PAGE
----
Basic SQL Server Data Manipulation
The seventh part of the SQL Server Programming Fundamentals tutorial uses the tutorial database created in the previous articles to take a first look at data manipulation. In this article we will create, update and delete information in SQL Server tables.
JoBS Database Scripts
In the first six instalments of this tutorial we have created a SQL Server database named "JoBS". This database gives an example of the data storage that may be required for a simple, real-world job processing application.
If you have not followed the previous articles in the tutorial, you can download a script to create the tutorial database using the link at the top of this page. Executing the "CreateJoBS.sql" script will create a new, empty database. If you already have the database, you will not need to follow this step. However, you may decide to do so if you have modified the JoBS database and wish to refresh it.
As the JoBS tutorial database currently holds no data, the first task is to generate some. As with previous SQL Server processes that have been described in this tutorial, we can add data using SQL Server Management Studio (SSMS). Furthermore, we can create information using either the graphical interface tools or with Transact-SQL (T-SQL) commands.
SQL Server Management Studio Data Entry Tools
The simplest way to manually enter small amounts of information is to use the SSMS data entry tools. To try this, open the "JoBS" database branch of the Object Explorer tree in SSMS. Expand the "Tables" node to see the list of tables that have been created. You can now select the table for which you wish to add data rows.
Right-click the "Skills" table and choose "Open Table" from the menu. A grid appears with one column for each column in the table. You can now simply add and edit rows in the table by typing.
Add the rows shown below to the table to set up the basic skills that may be assigned to engineers and jobs. As you tab across the table cells, notice that entering invalid information, such as a SkillCode with more that three characters, is not permitted. As you leave each row, the data is committed to the database. If you make an error, you can simply modify the information to update a data row or highlight the entire row and press the delete key to remove it completely.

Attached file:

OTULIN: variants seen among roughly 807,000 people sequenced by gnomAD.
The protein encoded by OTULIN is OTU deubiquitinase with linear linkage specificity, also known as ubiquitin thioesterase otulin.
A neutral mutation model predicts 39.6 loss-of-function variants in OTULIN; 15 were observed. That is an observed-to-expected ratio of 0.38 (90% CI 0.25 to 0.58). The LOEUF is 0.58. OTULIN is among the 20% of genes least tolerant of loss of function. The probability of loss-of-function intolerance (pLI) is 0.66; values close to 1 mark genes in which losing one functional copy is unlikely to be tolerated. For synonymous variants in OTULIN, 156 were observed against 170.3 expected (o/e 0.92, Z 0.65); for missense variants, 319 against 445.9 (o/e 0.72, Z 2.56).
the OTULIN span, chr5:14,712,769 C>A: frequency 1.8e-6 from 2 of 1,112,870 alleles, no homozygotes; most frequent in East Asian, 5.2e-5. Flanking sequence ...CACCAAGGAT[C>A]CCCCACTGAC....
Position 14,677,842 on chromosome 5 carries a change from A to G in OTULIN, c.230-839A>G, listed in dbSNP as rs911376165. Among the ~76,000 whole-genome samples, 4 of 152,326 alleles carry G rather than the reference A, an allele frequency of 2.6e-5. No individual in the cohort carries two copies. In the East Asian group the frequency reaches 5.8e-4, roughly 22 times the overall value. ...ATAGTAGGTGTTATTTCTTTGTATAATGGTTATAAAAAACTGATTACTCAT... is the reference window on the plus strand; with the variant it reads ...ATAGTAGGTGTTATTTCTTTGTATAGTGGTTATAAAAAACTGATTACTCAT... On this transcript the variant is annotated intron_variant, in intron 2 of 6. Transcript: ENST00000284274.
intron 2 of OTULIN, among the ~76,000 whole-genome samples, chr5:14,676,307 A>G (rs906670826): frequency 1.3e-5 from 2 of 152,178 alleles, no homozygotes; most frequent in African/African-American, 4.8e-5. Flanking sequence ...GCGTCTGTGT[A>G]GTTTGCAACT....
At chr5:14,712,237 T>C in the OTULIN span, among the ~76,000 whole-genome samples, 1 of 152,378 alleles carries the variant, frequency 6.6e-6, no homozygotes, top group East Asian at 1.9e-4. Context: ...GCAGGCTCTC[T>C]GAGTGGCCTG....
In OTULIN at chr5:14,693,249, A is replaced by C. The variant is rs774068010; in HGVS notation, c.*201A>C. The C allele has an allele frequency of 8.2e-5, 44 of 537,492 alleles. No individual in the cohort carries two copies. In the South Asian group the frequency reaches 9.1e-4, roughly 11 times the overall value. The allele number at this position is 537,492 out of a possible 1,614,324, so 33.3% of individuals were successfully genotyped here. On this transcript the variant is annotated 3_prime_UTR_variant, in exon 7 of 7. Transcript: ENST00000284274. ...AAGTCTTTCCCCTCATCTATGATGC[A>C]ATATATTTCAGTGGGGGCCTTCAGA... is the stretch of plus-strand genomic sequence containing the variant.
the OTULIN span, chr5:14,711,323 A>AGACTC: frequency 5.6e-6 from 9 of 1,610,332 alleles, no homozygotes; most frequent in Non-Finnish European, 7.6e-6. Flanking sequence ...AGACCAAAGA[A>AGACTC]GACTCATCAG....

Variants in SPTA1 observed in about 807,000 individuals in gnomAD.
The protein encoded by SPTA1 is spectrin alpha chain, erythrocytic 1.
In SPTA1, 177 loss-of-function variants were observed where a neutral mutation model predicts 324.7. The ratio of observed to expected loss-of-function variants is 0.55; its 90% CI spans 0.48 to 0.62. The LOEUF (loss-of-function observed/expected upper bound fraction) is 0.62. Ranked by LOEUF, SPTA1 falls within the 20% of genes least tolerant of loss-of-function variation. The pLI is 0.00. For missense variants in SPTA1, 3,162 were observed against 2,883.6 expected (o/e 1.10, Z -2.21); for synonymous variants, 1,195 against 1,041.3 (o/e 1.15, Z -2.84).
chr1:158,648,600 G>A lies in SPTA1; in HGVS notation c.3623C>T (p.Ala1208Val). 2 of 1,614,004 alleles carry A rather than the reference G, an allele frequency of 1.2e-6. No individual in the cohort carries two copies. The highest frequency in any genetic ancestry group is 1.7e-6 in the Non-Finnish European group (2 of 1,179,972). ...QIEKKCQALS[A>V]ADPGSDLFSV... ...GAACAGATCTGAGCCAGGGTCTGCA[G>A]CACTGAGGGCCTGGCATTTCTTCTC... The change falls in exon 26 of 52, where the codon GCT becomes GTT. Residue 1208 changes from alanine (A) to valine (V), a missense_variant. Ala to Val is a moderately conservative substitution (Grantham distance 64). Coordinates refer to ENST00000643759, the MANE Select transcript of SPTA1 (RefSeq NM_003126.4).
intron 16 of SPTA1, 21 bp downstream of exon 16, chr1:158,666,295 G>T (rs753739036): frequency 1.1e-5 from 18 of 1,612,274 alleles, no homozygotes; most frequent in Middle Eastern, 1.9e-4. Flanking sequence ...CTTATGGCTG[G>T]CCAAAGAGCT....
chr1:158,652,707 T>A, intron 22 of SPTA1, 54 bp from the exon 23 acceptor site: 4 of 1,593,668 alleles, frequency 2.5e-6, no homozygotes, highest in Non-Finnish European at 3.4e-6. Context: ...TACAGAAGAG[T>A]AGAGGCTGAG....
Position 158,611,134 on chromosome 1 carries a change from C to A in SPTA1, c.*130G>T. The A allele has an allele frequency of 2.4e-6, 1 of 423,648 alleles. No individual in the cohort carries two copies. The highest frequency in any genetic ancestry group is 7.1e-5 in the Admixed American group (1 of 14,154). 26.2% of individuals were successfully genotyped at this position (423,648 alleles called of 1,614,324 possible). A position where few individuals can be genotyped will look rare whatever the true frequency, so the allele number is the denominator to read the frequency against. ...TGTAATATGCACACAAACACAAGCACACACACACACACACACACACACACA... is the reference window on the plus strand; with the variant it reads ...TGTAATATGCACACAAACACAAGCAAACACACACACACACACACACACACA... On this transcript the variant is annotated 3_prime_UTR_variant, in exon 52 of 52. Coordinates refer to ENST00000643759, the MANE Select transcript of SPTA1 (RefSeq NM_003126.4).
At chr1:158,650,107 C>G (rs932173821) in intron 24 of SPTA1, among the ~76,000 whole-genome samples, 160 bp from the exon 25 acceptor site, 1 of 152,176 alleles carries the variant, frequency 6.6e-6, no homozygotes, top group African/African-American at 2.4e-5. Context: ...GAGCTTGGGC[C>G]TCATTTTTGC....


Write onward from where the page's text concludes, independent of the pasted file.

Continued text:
Once you have added all four rows, your grid should look similar to the image below. Click the close button at the top-right of the table's window to close the grid. You can also select "Close" from the File menu.
NB: The final row showing two NULL values appears in readiness for a fifth data row to be added. This empty row is not stored in the table.
The INSERT Statement
When developing software, the above graphical user interface-based method of creating information is useful for test data. However, in the software itself you are far more likely to want to generate T-SQL commands that create information in response to user actions. To do so, you can use the INSERT statement.
The simplest form of the INSERT statement is used when adding a full row of data to a table. The syntax for the command is as follows:
INSERT INTO table-name VALUES (value1, value2, ..., valueN)
The table-name specifies the table that you wish to add a row to. The data to be created is then provided in a comma-separated list. The list of values must be in the same order as the columns within the table so that information is not added in the wrong columns.
We can use this syntax to add a row to the Parts table in the database. This table has three columns to hold an alphanumeric part number, a description of the part and the unit cost. Using a new query window in SSMS, run the following command. Note the use of apostrophes around the data for the first two columns. These delimiters are required for character-based information.
INSERT INTO Parts VALUES ('15COPIPE', '15mm Copper Pipe', 1.52)
If the command executes correctly, you will see a response that indicates that one row was affected.
(1 row(s) affected)
You can see the new row in the table by opening the table in the data entry mode described earlier. Alternatively, you can list the entire contents of the table using a SELECT statement. Try executing the following to see the data in the query window. NB: The SELECT statement is described in detail in the next article in this series.
Using Named Columns
The simple form of inserting data using the INSERT statement can be problematic. As the data being stored is not explicitly applied to a column, a change to the structure of the table could leave existing statements invalid. If, for example, a column is added or the column order is changed, statements embedded in software would become incorrect and have to be changed. To avoid this, the column names should also be included in the command.
INSERT INTO table-name
(column1, column2, ..., columnN)
(value1, value2, ..., valueN)
This syntax is more resilient to change than the previous version. An additional improvement is that not every column must be specified in the statement. If a column name is excluded, a default value or a null value is stored when creating the new row. If the column does not permit null values and has no default value an error will occur.
Let's add another row to the Parts table using the improved syntax:
INSERT INTO Parts
(PartNumber, PartName, Cost)
('22COPIPE', '22mm Copper Pipe', 2.97)
27 July 2008